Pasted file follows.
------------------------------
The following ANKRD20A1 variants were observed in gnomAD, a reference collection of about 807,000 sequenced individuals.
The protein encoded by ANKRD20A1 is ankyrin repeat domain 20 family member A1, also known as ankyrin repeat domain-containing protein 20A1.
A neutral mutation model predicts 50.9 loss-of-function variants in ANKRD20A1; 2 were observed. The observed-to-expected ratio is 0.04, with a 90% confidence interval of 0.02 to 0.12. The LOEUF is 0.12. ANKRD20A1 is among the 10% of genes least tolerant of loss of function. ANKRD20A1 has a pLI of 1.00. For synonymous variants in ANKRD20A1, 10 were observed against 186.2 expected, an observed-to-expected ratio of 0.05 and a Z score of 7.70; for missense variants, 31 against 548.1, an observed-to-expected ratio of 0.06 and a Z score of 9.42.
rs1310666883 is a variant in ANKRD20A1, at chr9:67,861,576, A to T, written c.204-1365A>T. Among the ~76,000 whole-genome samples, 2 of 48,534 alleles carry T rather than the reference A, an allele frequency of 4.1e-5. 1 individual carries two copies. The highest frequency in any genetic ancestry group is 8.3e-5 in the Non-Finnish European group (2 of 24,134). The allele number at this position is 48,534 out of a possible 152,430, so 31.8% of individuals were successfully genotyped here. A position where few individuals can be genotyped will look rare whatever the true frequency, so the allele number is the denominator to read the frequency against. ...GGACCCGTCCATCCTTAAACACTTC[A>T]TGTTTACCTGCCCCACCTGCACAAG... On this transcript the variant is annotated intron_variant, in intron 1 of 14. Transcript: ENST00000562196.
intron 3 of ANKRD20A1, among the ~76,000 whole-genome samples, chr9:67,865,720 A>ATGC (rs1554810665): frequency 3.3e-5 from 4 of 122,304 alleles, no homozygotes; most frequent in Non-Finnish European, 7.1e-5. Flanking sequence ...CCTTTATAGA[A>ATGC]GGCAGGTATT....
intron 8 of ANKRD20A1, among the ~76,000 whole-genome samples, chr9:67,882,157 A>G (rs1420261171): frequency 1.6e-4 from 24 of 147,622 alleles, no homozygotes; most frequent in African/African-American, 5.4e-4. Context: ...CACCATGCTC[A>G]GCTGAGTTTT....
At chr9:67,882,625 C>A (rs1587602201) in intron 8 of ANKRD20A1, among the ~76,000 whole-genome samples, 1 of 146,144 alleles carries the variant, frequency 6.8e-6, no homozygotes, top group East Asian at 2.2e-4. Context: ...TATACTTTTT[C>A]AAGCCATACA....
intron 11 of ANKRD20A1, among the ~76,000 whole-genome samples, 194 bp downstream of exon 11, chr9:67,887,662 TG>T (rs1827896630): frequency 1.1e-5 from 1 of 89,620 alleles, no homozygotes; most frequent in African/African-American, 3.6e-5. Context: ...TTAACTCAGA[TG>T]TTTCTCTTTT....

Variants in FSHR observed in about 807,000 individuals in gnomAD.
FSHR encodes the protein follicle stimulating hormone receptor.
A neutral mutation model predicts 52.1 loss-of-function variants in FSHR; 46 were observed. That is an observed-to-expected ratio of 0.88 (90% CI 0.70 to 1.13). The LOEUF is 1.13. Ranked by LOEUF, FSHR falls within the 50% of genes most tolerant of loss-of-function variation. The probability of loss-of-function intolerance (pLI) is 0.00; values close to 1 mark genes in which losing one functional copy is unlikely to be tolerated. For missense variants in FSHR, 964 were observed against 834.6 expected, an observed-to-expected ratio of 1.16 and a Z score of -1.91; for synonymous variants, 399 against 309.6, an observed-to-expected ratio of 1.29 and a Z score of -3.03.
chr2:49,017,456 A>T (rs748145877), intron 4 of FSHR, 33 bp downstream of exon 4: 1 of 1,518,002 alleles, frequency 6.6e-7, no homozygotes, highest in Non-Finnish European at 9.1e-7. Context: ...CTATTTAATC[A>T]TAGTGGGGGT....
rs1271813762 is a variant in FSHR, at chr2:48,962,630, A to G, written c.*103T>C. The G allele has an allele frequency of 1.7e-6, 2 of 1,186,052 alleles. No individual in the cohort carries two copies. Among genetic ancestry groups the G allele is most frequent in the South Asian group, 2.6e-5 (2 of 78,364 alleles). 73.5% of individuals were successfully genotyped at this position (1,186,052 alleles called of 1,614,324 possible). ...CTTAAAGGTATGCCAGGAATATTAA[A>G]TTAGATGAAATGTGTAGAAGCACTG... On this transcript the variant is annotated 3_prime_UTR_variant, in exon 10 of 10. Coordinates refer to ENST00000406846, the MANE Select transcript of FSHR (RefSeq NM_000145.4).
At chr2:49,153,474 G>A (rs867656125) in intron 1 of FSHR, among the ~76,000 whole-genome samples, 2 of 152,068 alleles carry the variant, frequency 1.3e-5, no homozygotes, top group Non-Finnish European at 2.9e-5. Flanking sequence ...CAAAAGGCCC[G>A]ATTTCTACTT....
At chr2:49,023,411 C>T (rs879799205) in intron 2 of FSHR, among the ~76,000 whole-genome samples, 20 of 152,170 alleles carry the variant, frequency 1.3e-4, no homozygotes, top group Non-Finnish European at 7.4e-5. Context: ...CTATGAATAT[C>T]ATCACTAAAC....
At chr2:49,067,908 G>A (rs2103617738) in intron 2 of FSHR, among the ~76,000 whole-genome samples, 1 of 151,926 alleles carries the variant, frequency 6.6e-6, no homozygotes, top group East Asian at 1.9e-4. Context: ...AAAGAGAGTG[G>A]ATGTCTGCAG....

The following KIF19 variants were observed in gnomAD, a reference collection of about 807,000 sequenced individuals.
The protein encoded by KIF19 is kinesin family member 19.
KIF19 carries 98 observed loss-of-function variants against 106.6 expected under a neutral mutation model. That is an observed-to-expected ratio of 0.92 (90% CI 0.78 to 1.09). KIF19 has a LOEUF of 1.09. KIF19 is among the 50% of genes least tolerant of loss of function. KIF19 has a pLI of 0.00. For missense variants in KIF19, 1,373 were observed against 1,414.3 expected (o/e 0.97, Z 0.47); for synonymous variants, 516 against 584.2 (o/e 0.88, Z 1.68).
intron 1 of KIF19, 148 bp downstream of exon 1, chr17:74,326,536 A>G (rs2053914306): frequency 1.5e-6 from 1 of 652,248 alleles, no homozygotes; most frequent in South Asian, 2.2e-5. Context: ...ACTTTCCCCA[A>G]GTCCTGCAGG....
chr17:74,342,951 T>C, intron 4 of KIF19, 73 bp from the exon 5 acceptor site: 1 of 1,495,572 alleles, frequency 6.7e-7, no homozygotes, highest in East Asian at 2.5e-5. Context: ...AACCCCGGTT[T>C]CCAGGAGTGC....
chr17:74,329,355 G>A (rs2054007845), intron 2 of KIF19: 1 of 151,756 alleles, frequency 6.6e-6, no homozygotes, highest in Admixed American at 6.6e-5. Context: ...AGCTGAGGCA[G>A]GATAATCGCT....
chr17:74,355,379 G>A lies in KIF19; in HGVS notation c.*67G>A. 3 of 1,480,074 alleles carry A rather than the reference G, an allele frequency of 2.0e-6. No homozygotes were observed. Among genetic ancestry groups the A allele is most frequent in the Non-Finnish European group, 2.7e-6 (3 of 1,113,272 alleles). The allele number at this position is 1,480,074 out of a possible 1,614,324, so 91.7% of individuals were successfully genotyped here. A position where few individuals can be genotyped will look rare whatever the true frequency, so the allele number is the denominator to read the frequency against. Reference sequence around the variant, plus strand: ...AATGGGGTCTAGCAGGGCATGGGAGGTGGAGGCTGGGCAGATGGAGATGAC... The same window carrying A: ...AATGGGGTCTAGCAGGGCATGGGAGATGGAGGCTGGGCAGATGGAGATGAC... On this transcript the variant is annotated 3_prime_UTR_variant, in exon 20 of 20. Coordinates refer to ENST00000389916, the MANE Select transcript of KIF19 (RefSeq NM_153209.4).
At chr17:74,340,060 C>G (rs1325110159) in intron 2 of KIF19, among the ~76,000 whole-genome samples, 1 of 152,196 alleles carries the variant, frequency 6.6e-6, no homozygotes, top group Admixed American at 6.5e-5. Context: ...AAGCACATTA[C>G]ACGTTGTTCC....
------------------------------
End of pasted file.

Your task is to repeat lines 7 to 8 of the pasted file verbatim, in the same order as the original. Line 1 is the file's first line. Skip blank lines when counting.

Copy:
At chr9:67,882,625 C>A (rs1587602201) in intron 8 of ANKRD20A1, among the ~76,000 whole-genome samples, 1 of 146,144 alleles carries the variant, frequency 6.8e-6, no homozygotes, top group East Asian at 2.2e-4. Context: ...TATACTTTTT[C>A]AAGCCATACA....
intron 11 of ANKRD20A1, among the ~76,000 whole-genome samples, 194 bp downstream of exon 11, chr9:67,887,662 TG>T (rs1827896630): frequency 1.1e-5 from 1 of 89,620 alleles, no homozygotes; most frequent in African/African-American, 3.6e-5. Context: ...TTAACTCAGA[TG>T]TTTCTCTTTT....